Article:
I’ve read the first in this series and really enjoyed it. I do hope to get to the others to find out more of what happens in this steampunk world that Alison has created. Here Alison tells us about torturing us readers.
An underground factory, a terrifying laboratory, and an Edwardian hospital…
Miriam has only her guardians’ son for company, and she and Simon dislike each other from the start. But they must find a way to trust each other, or they will end up on the sinister Night Watchman Express.
Kissing in books is great, magical, clean fun. A first kiss between characters is a beautiful thing, a moment of romance. It’s the point where the interaction between two people takes a completely different turn, and if it is done right, the reader should feel that jolt of electricity, an investment in the couple’s desire as their lips meet.
Creating that spark is a delicate process. To my mind, the force that really drives it is tension. The “will they or won’t they” tightwire is a delicious torture for readers, to keep them up far beyond their bedtimes as they turn the page just to read one more scene.
Keeping that tension building for one book is a huge sleigh of hand trick. Yeah – how about four? I’ve separated my leads for three books, and as I come close to finishing the fourth, I might have to finally satisfy the readers who have stuck this long with me.
Building the long relationship between Miriam and Simon required a lot of adventures, side forays into other lives, a setting at the turn of the last century, and a few moments that allow readers to glimpse the electricity that has been building between the two of them. And, of course, the most important part has been their own personalities. Simon was handsome, had an eye for the girls, and thought he had fallen for someone else. Miriam was impatient, and very angry at the hand life had dealt her.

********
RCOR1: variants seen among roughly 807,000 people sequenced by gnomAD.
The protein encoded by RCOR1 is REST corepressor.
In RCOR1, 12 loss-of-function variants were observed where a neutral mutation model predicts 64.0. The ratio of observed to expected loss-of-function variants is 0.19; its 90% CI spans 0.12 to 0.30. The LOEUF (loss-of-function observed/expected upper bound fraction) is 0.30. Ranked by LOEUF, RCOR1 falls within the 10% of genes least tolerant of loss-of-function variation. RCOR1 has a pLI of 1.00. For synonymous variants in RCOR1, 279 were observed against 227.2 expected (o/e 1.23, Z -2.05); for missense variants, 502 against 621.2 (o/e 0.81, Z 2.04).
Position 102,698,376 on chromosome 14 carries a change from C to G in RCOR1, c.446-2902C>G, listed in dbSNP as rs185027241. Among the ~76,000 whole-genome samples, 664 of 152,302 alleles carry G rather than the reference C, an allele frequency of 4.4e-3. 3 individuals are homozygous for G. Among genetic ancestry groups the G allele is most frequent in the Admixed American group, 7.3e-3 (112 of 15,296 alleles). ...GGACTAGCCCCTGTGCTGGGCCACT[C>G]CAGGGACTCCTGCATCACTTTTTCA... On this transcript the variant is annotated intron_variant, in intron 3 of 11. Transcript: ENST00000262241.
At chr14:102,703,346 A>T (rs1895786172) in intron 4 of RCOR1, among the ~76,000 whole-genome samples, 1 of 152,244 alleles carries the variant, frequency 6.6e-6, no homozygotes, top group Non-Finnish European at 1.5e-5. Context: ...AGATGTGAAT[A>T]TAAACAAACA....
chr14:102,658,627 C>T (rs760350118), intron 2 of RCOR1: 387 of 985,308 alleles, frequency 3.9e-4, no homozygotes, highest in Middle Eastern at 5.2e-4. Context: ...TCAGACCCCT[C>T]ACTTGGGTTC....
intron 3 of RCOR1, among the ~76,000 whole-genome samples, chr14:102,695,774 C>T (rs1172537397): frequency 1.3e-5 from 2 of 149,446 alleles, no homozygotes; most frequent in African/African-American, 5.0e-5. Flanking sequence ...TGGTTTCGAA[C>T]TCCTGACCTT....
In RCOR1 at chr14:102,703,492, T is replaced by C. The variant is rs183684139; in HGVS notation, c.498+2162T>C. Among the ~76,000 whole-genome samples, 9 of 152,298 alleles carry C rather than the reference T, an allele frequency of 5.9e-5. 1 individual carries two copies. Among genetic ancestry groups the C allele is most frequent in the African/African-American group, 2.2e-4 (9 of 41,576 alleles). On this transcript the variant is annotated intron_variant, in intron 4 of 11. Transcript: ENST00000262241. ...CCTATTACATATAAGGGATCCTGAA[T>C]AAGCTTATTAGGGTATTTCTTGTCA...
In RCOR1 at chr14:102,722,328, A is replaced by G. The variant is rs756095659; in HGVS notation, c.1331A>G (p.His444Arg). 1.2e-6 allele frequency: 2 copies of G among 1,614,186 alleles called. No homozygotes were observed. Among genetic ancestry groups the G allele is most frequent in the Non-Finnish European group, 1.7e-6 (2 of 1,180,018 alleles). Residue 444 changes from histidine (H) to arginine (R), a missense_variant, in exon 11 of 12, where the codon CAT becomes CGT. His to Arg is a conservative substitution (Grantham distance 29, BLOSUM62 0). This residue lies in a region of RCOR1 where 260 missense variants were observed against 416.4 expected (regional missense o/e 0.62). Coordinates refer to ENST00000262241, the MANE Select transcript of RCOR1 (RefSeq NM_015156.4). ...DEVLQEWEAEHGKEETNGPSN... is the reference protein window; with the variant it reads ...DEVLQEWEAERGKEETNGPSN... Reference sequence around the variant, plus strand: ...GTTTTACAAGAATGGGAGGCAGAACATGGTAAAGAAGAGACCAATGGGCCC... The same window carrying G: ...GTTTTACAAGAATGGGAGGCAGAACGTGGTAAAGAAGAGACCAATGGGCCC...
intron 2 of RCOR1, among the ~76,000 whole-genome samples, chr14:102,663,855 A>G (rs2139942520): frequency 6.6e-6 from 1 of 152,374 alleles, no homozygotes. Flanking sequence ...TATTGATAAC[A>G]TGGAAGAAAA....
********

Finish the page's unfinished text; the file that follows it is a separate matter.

So when they first met, there were indeed fireworks, but of a different variety. The two of them fought and argued at the start. That’s when I allowed different sides of each to emerge – Miriam’s loyalty, and Simon’s courage.
As well, they both had to have a sense of humor. I wanted to think of their being able to sit down and have a long conversation, as friends, before I allowed any kissing to happen. If I didn’t do that, then the kiss would have been pure, simple, physical attraction and nothing more. There’s nothing wrong with that, I suppose, but for me, at least, that just doesn’t create enough tension and excitement.
So, here is an example of the tension-building:
“And how about you?” Miriam asked.
“What about me?”
“Won’t you miss that Cantwell woman?” Miriam blurted out the question, and she dropped her gaze onto her hands in her lap. How ridiculous of her to blush!
“Well, Miriam,” Simon said, “as a matter of fact, no, I won’t. I won’t miss that dreadful woman one bit. In fact, when she had me in prison up there, in that dreadful room, and I felt like I had lost my mind, it was you that I saw. I saw you in a dream, and that’s what saved me from losing my mind.”
“Oh,” Miriam said. Suddenly the house got very still and very quiet. Simon’s gaze was intent upon hers, and for some strange reason, she couldn’t look away. And she found she couldn’t breathe, either. Her heart began to hammer in her chest, and her mouth opened in a slight gasp.
Simon’s grin disappeared. He opened his mouth to say something, closed it again, and edged a bit closer to her on the step.
At that moment, Neil appeared at the top of the stairs and trailed down, dragging his feet on the worn treads of the stair carpet. “What are you two talking about?” he asked.
About author Alison DeLuca
Alison DeLuca is the author of several steampunk and urban fantasy books. She was born in Arizona and has also lived in Pennsylvania, Illinois, Mexico, Ireland, and Spain.
Currently she wrestles words and laundry in New Jersey.